5. When in your career did you feel most despondent, and what did you do to turn it around?
I work in electoral politics, so after any election that goes badly, things get pretty heavy! I have had some big failures in my career, but, at the risk of sounding like a cliché, they all made me better. I definitely felt more despondent after the 2016 election than after any other loss that came before—and I’d be lying if I said I wasn’t still figuring that out. You might have to follow up around this time next year, but I can tell you right now—great staff are key.
Early in my career, I had a big blow that really hurt, and I’m so grateful for it now. I was serving as a first-time finance director for a congressional race and doing pretty well. Then there was a change in leadership, and I was made campaign manager. I was so excited—I said “yes”—and took it on. I did not do well. I lasted about a month and then was demoted back to finance director and replaced. I was devastated at the time, but I stayed and worked like hell to be the best finance director I could be. That job ended up opening the doors to my next two jobs, including one where I was hired to be a campaign manager. The lesson was that you don’t always succeed your first time around.
6. A key part of success is building strong professional relationships. What practice do you use to cultivate them with your colleagues?
The important thing here is recognizing that you’re not alone in whatever you’re going through in your professional life. If there’s a challenge you’re facing or a question you’re trying to figure out the answer to, chances are someone else has either already been there themselves or they’re going through the exact same thing. Life gets busy and schedules get complicated, but one of the most important things any woman can do for her career is to get in the habit (preferably early on) of reaching out to other women for answers, offering support where you can, and letting authentic relationships and community flow from that.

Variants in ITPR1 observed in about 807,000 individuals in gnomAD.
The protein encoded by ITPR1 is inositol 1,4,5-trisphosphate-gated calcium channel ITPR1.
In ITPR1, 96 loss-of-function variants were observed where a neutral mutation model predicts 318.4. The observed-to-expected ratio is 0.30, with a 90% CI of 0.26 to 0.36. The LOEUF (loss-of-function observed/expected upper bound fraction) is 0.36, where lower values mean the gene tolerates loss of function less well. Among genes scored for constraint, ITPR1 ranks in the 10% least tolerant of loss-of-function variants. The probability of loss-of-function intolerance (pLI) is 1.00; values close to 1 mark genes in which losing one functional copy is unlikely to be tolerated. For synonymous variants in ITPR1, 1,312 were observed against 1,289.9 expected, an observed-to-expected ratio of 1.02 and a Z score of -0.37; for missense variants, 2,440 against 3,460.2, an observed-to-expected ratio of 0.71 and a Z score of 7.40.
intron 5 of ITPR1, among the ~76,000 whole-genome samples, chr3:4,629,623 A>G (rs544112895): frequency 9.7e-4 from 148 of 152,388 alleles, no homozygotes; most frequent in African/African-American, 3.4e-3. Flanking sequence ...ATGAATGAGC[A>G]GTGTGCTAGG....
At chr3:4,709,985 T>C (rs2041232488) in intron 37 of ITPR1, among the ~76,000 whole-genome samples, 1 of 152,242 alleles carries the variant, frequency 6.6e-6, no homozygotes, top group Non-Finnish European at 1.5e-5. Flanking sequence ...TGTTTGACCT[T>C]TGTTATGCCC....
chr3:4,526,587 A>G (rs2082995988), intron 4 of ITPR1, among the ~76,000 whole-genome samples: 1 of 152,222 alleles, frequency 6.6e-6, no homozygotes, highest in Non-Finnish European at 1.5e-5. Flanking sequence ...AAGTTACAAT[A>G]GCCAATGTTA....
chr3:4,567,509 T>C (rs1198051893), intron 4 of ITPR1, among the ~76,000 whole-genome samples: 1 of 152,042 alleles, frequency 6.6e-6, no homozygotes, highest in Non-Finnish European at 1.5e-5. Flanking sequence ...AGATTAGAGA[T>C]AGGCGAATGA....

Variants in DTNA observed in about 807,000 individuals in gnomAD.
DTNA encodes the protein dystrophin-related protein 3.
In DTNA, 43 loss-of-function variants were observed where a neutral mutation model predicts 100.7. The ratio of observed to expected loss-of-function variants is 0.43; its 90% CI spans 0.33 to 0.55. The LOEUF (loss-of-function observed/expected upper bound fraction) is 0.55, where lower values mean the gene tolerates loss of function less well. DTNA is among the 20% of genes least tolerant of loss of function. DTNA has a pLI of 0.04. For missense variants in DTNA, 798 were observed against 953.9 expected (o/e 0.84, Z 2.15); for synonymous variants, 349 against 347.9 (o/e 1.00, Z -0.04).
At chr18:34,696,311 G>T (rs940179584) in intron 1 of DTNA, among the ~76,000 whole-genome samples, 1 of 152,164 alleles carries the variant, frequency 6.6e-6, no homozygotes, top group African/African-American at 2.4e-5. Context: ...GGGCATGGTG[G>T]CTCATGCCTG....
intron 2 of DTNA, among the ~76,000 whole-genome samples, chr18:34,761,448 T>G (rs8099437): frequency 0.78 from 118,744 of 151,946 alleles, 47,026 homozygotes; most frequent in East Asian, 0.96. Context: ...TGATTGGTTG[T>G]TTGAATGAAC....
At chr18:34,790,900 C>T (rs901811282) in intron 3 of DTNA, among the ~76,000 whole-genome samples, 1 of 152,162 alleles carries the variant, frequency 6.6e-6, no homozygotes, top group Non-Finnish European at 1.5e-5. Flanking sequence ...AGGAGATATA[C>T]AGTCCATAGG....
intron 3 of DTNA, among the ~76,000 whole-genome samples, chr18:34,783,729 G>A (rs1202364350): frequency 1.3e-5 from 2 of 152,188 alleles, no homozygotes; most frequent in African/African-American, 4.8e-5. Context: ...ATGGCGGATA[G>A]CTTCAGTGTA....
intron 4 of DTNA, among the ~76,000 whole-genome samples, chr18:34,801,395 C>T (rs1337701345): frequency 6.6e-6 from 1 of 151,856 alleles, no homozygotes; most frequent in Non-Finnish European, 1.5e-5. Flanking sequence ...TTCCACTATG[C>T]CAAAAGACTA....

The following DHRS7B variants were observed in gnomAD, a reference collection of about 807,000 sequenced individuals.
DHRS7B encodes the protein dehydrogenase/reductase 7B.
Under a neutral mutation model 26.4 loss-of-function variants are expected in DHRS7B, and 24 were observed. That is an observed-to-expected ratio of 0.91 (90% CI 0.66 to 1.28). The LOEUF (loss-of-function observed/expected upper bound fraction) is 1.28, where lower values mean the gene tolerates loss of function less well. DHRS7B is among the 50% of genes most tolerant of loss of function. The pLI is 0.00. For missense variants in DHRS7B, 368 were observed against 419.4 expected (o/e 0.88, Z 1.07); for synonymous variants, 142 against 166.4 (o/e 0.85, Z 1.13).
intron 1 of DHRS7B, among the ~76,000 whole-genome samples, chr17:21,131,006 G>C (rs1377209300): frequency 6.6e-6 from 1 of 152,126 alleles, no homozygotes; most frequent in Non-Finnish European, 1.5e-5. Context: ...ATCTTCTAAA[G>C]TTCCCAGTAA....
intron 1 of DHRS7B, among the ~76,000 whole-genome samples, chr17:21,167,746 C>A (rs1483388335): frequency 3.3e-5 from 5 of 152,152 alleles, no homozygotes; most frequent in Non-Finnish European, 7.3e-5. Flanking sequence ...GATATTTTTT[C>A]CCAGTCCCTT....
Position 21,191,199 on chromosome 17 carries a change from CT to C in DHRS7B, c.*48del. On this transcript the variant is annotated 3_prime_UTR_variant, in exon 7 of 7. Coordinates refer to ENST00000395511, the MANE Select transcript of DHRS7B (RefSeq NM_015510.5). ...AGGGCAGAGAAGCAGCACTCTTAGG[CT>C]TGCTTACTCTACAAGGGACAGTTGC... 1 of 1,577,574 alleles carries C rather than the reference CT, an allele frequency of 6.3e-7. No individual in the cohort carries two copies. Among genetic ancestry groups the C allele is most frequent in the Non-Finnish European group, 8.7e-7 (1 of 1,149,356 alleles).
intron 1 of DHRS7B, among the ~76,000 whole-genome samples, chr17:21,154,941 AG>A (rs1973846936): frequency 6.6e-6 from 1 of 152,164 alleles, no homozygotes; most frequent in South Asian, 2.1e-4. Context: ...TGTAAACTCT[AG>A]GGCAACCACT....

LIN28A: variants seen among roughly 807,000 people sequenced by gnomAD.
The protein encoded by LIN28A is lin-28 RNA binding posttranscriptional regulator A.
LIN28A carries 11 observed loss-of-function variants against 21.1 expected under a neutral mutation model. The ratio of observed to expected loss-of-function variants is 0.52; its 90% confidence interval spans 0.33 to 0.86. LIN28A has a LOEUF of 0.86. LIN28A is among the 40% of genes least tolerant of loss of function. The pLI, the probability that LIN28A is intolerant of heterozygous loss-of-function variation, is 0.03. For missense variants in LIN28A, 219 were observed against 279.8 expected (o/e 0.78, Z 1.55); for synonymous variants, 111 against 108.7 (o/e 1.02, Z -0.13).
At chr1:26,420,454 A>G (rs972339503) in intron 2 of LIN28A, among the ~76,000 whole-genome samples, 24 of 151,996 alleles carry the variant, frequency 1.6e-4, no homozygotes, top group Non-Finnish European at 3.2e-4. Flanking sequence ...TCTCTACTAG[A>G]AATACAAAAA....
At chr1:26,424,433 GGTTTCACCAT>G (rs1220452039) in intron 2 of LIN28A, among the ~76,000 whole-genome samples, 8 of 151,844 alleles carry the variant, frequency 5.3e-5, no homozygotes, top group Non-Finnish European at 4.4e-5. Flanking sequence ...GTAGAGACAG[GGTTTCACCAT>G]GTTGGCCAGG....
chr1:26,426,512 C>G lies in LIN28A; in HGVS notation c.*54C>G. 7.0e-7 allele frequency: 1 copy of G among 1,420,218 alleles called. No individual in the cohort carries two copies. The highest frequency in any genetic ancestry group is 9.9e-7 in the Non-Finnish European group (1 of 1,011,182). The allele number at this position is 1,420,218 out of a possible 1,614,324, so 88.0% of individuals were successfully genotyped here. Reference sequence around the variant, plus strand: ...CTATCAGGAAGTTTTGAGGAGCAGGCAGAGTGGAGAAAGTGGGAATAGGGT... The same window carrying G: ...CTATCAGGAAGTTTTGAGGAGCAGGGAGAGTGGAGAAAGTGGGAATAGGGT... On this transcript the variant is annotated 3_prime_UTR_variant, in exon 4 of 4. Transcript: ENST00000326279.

In my own life, I’ve learned to build in time for everything from scheduling weekend walks with Amy Dacey during the 2016 election cycle, to getting together for dinner with newly elected women senators to welcome them to Washington, to sitting down over a meal with Ilyse Hogue and Cecile Richards on the campaign. (And don’t forget, there are great men out there who are willing to help too, if you ask them.) One of the great benefits that our EMILY’s List community offers is our unique ability to connect women who are running for office with other women who have knowledge from shared personal experiences, whether that means connecting a woman who’s deciding whether or not to run for Congress with a current member of Congress who can offer advice about where her kids should go to school after she’s elected, or connecting women running for state and local office through our new Facebook group.
7. What’s the best advice you’ve ever received?
There were two pieces of advice that were key, and thank goodness they came early. The first came from my fourth-grade teacher, Miss Grey, who made sure that I never gave up, even if I didn’t make it the first time. I had failed to get into an accelerated learning program that year, but she believed in me and fought for me to get another chance. Because she did that, she changed the trajectory of my life. I wouldn’t be here today.
The second bit of advice—and I hate to say I can’t remember who gave it to me—was from a professor in college who suggested I take a minor in business. Thank goodness I did, because I use the skills I learned through those classes (marketing, management, finance, accounting) more every day than any others. It’s never too late to take a few business courses!
8. If there’s one thing men can do to improve women’s life at work, it would be…
Basic self-awareness goes a long way. As a candidate, a politician, or even just as a manager, no matter how deeply committed you are to equality for women on a personal or policy level, you still need to keep checking in with yourself and giving some thought to the numbers: Are you hiring and promoting as many women as men? Are you paying them the same salaries? Are you regularly retweeting and amplifying the voices of women on your social media platforms? Are there women’s voices in the room when decisions are getting made? If the answer to any of those questions is “no,” you might have some work to do figuring out why that’s the case.
The mountain I’m willing to die on… is that the best pork-chop sandwiches in the world are in Butte, Montana, my hometown.
I wish people would stop telling me… how TV shows end. I work in politics. I’m always a little bit behind on my shows!
Everyone should own… a good set of headphones. And get addicted to a podcast. What else are you going to listen to on airplanes?
This interview is part of How We’ll Win, a project exploring the fight for gender equality at work. Read more interviews with industry-leading women here.